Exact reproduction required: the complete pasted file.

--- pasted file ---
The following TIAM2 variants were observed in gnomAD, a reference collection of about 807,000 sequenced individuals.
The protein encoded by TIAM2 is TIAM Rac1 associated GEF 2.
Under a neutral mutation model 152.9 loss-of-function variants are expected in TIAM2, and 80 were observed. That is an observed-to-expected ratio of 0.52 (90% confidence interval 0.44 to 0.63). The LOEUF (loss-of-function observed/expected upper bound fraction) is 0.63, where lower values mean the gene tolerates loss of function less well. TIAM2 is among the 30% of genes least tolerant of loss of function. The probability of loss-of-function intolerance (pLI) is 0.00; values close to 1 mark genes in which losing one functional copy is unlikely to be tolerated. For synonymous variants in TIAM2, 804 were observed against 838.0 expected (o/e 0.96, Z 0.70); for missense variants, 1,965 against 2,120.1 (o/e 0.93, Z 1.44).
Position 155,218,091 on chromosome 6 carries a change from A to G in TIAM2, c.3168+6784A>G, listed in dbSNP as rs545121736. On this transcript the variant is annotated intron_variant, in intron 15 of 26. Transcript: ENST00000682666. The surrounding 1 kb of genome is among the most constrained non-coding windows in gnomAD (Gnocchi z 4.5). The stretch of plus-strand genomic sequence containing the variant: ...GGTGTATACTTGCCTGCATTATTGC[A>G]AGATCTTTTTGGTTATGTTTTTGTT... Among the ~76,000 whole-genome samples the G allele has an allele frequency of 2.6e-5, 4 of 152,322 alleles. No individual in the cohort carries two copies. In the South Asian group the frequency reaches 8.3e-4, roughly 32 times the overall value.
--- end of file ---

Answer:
The following TIAM2 variants were observed in gnomAD, a reference collection of about 807,000 sequenced individuals.
The protein encoded by TIAM2 is TIAM Rac1 associated GEF 2.
Under a neutral mutation model 152.9 loss-of-function variants are expected in TIAM2, and 80 were observed. That is an observed-to-expected ratio of 0.52 (90% confidence interval 0.44 to 0.63). The LOEUF (loss-of-function observed/expected upper bound fraction) is 0.63, where lower values mean the gene tolerates loss of function less well. TIAM2 is among the 30% of genes least tolerant of loss of function. The probability of loss-of-function intolerance (pLI) is 0.00; values close to 1 mark genes in which losing one functional copy is unlikely to be tolerated. For synonymous variants in TIAM2, 804 were observed against 838.0 expected (o/e 0.96, Z 0.70); for missense variants, 1,965 against 2,120.1 (o/e 0.93, Z 1.44).
Position 155,218,091 on chromosome 6 carries a change from A to G in TIAM2, c.3168+6784A>G, listed in dbSNP as rs545121736. On this transcript the variant is annotated intron_variant, in intron 15 of 26. Transcript: ENST00000682666. The surrounding 1 kb of genome is among the most constrained non-coding windows in gnomAD (Gnocchi z 4.5). The stretch of plus-strand genomic sequence containing the variant: ...GGTGTATACTTGCCTGCATTATTGC[A>G]AGATCTTTTTGGTTATGTTTTTGTT... Among the ~76,000 whole-genome samples the G allele has an allele frequency of 2.6e-5, 4 of 152,322 alleles. No individual in the cohort carries two copies. In the South Asian group the frequency reaches 8.3e-4, roughly 32 times the overall value.